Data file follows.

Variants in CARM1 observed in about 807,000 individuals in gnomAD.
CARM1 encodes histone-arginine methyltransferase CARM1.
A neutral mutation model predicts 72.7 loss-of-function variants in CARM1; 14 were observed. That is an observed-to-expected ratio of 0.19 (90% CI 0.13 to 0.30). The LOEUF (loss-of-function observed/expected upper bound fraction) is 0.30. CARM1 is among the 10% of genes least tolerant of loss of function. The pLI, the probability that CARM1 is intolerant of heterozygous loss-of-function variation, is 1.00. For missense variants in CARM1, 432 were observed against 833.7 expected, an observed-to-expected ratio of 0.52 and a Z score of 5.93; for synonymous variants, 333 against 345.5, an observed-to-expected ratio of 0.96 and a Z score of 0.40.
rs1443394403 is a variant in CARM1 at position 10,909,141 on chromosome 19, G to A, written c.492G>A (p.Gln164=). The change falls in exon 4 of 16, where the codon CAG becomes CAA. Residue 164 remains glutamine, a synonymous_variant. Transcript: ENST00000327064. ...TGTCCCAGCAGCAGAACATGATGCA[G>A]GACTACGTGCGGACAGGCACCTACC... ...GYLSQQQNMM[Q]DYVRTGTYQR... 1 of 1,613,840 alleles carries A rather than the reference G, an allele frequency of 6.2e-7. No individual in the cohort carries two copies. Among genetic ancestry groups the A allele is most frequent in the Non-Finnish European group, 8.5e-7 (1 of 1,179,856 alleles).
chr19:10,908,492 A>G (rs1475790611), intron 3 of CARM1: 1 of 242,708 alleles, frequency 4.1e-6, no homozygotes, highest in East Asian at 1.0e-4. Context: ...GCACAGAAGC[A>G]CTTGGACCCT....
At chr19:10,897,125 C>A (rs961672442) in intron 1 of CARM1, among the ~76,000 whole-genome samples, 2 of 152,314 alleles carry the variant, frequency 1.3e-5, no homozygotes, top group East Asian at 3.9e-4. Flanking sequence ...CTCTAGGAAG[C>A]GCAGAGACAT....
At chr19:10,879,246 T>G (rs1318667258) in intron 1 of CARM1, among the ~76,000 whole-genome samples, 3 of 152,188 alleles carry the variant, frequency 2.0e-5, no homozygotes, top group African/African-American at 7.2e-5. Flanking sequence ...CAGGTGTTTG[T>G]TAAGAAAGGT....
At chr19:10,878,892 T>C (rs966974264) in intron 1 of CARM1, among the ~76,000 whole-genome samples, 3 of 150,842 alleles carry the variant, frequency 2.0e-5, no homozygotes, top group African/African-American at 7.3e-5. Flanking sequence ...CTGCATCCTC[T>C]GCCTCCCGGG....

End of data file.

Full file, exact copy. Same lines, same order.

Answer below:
Variants in CARM1 observed in about 807,000 individuals in gnomAD.
CARM1 encodes histone-arginine methyltransferase CARM1.
A neutral mutation model predicts 72.7 loss-of-function variants in CARM1; 14 were observed. That is an observed-to-expected ratio of 0.19 (90% CI 0.13 to 0.30). The LOEUF (loss-of-function observed/expected upper bound fraction) is 0.30. CARM1 is among the 10% of genes least tolerant of loss of function. The pLI, the probability that CARM1 is intolerant of heterozygous loss-of-function variation, is 1.00. For missense variants in CARM1, 432 were observed against 833.7 expected, an observed-to-expected ratio of 0.52 and a Z score of 5.93; for synonymous variants, 333 against 345.5, an observed-to-expected ratio of 0.96 and a Z score of 0.40.
rs1443394403 is a variant in CARM1 at position 10,909,141 on chromosome 19, G to A, written c.492G>A (p.Gln164=). The change falls in exon 4 of 16, where the codon CAG becomes CAA. Residue 164 remains glutamine, a synonymous_variant. Transcript: ENST00000327064. ...TGTCCCAGCAGCAGAACATGATGCA[G>A]GACTACGTGCGGACAGGCACCTACC... ...GYLSQQQNMM[Q]DYVRTGTYQR... 1 of 1,613,840 alleles carries A rather than the reference G, an allele frequency of 6.2e-7. No individual in the cohort carries two copies. Among genetic ancestry groups the A allele is most frequent in the Non-Finnish European group, 8.5e-7 (1 of 1,179,856 alleles).
chr19:10,908,492 A>G (rs1475790611), intron 3 of CARM1: 1 of 242,708 alleles, frequency 4.1e-6, no homozygotes, highest in East Asian at 1.0e-4. Context: ...GCACAGAAGC[A>G]CTTGGACCCT....
At chr19:10,897,125 C>A (rs961672442) in intron 1 of CARM1, among the ~76,000 whole-genome samples, 2 of 152,314 alleles carry the variant, frequency 1.3e-5, no homozygotes, top group East Asian at 3.9e-4. Flanking sequence ...CTCTAGGAAG[C>A]GCAGAGACAT....
At chr19:10,879,246 T>G (rs1318667258) in intron 1 of CARM1, among the ~76,000 whole-genome samples, 3 of 152,188 alleles carry the variant, frequency 2.0e-5, no homozygotes, top group African/African-American at 7.2e-5. Flanking sequence ...CAGGTGTTTG[T>G]TAAGAAAGGT....
At chr19:10,878,892 T>C (rs966974264) in intron 1 of CARM1, among the ~76,000 whole-genome samples, 3 of 150,842 alleles carry the variant, frequency 2.0e-5, no homozygotes, top group African/African-American at 7.3e-5. Flanking sequence ...CTGCATCCTC[T>C]GCCTCCCGGG....